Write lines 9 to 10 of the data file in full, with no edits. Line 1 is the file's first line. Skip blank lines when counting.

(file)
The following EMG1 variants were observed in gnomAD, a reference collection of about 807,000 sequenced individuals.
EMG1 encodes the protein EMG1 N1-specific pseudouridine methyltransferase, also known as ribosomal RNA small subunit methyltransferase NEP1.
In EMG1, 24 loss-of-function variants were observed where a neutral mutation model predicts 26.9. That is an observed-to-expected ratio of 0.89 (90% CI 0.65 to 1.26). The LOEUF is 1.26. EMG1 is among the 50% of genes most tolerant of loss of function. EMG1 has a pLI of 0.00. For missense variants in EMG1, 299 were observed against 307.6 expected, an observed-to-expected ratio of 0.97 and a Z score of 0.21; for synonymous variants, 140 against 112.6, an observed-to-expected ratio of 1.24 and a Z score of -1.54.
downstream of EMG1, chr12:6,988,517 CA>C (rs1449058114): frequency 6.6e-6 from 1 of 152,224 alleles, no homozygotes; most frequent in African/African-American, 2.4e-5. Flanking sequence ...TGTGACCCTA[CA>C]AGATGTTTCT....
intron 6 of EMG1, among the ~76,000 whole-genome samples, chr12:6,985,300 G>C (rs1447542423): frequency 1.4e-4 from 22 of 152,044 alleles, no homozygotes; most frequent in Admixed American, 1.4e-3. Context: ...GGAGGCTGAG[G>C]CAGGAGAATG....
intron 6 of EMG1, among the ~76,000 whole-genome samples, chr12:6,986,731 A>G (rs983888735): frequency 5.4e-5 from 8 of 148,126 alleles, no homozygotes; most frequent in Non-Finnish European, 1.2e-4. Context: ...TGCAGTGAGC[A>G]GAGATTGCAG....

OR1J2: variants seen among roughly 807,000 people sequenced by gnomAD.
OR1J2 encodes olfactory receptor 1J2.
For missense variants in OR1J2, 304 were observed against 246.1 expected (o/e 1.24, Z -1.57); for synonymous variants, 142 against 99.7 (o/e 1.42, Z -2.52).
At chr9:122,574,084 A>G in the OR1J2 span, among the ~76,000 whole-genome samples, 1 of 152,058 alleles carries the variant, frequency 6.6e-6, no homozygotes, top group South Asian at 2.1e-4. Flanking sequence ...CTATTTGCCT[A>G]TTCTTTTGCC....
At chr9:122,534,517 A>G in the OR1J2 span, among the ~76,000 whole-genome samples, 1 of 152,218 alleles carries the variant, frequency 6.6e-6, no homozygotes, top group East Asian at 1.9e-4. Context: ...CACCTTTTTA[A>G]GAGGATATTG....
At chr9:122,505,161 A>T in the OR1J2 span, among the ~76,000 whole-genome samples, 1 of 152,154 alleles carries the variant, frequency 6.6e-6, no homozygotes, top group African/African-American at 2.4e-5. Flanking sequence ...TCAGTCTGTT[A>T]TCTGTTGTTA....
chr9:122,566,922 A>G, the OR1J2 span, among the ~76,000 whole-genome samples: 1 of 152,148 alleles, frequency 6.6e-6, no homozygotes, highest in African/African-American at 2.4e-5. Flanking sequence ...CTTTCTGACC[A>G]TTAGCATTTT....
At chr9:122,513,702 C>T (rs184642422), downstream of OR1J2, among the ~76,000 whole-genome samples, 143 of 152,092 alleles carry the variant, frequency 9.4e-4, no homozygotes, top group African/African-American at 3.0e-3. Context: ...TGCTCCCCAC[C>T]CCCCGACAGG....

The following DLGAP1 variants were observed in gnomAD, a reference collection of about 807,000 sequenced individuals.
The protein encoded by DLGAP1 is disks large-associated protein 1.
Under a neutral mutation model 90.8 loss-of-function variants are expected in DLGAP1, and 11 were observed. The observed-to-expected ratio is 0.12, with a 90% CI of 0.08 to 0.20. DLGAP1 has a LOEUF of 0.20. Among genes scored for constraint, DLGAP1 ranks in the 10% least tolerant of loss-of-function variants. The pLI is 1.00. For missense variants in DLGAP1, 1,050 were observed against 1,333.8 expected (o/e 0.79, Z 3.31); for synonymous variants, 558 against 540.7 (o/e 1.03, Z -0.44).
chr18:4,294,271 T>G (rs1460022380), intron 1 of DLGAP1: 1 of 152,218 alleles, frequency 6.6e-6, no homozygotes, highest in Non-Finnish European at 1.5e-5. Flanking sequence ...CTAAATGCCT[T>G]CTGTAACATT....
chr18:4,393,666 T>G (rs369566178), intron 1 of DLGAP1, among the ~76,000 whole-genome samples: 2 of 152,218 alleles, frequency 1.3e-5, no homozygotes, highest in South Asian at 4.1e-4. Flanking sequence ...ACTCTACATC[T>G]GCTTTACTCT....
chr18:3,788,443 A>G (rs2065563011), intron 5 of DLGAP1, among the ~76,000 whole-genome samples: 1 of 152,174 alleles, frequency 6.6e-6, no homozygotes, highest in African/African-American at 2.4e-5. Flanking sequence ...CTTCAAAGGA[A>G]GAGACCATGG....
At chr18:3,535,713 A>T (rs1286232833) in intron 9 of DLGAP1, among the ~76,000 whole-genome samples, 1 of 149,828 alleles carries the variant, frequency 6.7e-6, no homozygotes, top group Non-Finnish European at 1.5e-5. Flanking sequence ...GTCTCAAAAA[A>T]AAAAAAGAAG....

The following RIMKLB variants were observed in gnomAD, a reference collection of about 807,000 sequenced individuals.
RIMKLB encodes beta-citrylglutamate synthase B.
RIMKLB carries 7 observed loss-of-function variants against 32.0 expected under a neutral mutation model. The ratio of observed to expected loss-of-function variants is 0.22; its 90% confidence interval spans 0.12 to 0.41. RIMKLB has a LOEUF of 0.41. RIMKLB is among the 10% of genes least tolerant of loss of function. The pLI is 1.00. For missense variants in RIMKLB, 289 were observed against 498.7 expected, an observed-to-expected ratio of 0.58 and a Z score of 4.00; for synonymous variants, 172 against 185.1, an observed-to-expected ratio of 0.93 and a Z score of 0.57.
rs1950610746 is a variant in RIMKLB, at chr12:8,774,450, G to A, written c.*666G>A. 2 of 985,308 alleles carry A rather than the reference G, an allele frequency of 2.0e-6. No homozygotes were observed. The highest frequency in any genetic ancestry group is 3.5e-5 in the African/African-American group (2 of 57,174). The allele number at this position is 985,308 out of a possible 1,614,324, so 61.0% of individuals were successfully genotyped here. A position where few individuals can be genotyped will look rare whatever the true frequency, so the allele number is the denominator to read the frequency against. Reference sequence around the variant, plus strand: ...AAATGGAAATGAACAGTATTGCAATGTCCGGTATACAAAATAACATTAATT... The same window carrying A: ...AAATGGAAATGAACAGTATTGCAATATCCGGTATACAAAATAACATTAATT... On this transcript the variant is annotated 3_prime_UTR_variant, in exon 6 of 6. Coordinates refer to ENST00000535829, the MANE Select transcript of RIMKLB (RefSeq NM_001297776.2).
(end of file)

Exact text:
For missense variants in OR1J2, 304 were observed against 246.1 expected (o/e 1.24, Z -1.57); for synonymous variants, 142 against 99.7 (o/e 1.42, Z -2.52).
At chr9:122,574,084 A>G in the OR1J2 span, among the ~76,000 whole-genome samples, 1 of 152,058 alleles carries the variant, frequency 6.6e-6, no homozygotes, top group South Asian at 2.1e-4. Flanking sequence ...CTATTTGCCT[A>G]TTCTTTTGCC....